Angela Adams MCIPPdip
Payroll advisory officer
How did you start your payroll career? Was it a choice, or did you fall into the roll like many payrollers do?
I fell into the role. I applied for a job, the application said ‘payroll’ which was not what I sent for, but I filled it in anyway. After my interview, I got the job on the spot (age 20) and never looked back! I then spent 10 years at Solihull Metropolitan Borough Council as a payroll clerk, then a deputy team leader and also a team leader.
I wanted to work closer to home having become a mom, so decided to move jobs and worked at Birmingham City Council for nine years again as a payroll officer, then as a deputy team leader and as a senior payroll officer. I moved areas and moved back to Solihull council as an HR & payroll officer for a further five years and during this time they encouraged me to complete my CIPP Foundation degree.
Finally, having graduated in November 2013 a role came up at the CIPP on the advisory team and I have now been here for seven years. It now feels like home.
Did you study a specific course to help you enter this career?
Like most payrollers, I fell into it and only became qualified with my Foundation Degree after 23 years in the industry.
Was there a moment in your career/life that made you want to enter a career in payroll?
No, but I love all aspects of payroll especially the ‘number aspect’ of the job. The complexities of payroll are 50 times more complex now than when I first fell into it.
How do you feel when you know you have made a positive difference to someone through your advice?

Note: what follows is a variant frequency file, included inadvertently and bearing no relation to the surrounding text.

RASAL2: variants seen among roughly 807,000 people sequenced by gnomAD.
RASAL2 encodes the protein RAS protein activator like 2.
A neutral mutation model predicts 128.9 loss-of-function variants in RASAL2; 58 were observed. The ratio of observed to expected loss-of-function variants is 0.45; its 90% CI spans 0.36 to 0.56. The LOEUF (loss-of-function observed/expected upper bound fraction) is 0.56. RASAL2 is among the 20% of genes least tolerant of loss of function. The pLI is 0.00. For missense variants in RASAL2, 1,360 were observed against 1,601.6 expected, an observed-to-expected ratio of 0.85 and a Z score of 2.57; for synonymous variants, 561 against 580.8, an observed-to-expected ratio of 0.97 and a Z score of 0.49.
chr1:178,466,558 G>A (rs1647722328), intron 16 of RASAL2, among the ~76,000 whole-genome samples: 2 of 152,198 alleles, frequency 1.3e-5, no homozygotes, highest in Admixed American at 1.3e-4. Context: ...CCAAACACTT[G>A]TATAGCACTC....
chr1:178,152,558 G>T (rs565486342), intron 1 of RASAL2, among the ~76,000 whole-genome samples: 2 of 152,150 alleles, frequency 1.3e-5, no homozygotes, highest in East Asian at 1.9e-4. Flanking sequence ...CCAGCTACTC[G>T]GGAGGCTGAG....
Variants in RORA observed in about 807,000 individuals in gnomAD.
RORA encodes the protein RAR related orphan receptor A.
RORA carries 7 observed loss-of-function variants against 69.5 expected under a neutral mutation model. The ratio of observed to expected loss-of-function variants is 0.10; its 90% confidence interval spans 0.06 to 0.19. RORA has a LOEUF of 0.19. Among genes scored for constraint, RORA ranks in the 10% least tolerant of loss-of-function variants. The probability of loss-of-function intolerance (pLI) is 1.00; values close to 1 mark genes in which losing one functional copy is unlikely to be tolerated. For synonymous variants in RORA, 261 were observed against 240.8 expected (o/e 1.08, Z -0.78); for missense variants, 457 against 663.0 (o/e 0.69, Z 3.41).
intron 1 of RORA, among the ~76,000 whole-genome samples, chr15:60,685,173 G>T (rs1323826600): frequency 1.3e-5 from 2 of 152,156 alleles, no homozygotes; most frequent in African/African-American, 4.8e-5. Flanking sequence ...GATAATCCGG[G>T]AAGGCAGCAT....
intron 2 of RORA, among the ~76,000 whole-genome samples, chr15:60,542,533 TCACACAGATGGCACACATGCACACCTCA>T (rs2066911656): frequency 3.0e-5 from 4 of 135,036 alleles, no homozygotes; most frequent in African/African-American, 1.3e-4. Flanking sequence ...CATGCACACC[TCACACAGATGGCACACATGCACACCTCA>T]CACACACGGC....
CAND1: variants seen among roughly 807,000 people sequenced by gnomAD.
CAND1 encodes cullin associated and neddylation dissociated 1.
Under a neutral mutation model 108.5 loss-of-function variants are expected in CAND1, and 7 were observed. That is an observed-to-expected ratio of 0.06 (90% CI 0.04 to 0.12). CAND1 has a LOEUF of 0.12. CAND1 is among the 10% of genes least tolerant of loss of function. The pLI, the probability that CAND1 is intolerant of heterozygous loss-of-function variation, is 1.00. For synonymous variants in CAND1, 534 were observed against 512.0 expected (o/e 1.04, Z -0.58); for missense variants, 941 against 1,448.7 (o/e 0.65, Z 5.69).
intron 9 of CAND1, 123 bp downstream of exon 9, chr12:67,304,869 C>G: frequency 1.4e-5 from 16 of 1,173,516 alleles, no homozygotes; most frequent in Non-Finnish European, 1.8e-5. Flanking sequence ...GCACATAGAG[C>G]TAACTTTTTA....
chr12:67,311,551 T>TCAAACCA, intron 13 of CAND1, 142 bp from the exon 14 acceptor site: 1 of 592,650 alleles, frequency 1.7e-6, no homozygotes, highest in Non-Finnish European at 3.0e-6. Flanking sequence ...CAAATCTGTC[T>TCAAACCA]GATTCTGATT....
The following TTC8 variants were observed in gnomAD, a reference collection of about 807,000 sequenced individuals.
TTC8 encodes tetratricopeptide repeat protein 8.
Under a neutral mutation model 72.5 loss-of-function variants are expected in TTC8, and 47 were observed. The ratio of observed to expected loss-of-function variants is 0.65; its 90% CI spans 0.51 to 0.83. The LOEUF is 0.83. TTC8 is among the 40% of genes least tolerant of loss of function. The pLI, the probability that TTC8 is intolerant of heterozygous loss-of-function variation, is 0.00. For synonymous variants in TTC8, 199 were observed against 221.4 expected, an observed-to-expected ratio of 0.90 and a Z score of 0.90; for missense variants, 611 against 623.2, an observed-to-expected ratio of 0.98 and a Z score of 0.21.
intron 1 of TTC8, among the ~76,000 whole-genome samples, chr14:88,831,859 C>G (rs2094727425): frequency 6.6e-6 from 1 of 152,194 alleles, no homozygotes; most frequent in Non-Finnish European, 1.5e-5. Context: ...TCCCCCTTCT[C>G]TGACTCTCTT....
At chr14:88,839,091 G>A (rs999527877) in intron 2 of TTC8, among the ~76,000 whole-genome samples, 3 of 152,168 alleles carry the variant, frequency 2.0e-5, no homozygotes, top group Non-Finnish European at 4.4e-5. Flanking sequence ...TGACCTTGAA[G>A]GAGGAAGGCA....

I feel a sense of achievement to be able to support the many thousands of payrollers who seem to be the invisible team that just gets the nation paid week after week and month after month. I get a great feeling of satisfaction helping members work through the complex payroll changes, especially during 2020.
What has been your biggest sense of achievement since joining the Advisory team with the CIPP?
Getting through over 2000 questions in one single month (mainly furlough related) and actually just getting through 2020 here on the advisory team, understanding all the complex guidance with my team and our members.
Tell us about a typical week as an advisory team member?
No two days are the same. Fast paced, funny, interesting, hard, confusing but keeping a sense of humour and chatting to members as if they are work colleagues on your payroll team. The questions change from one call to another, and emails can range from easy to answer to really complex, so hours of research is needed.
What type of skills does an advisory member need?
Lots of patience, a good sense of humour, ability to work under pressure, being human and being understanding. Listening to the members is also important to fully understand their questions and of course giving the accurate and timely information and guidance.
What’s the most interesting fact you have ever heard about payroll?
Estoppel - There are three main points that are relevant to estoppel, which are: when an employee’s is accidentally overpaid, they can claim’ estoppel’ if the following principles apply;
- The employer must have done something which led the employee to believe the money was rightfully his (or hers).
- The employee must have “changed position”, which usually means that they have spent the money.
- The overpayment was not the employee’s fault.
Where do you receive your updates?
News Online, the HMRC Employer Bulletin and the HMRC Agent Update and LinkedIn
What techniques do you use to provide detailed accurate answers?
Always providing a link to current guidance from GOV.UK/HMRC, the links to legislation or HMRC manuals.
What processes do you use to keep up to date with general legislations?
As a member of the advisory team,– it’s all about sharing knowledge and updates as often as necessary, to be on top of all things payroll related.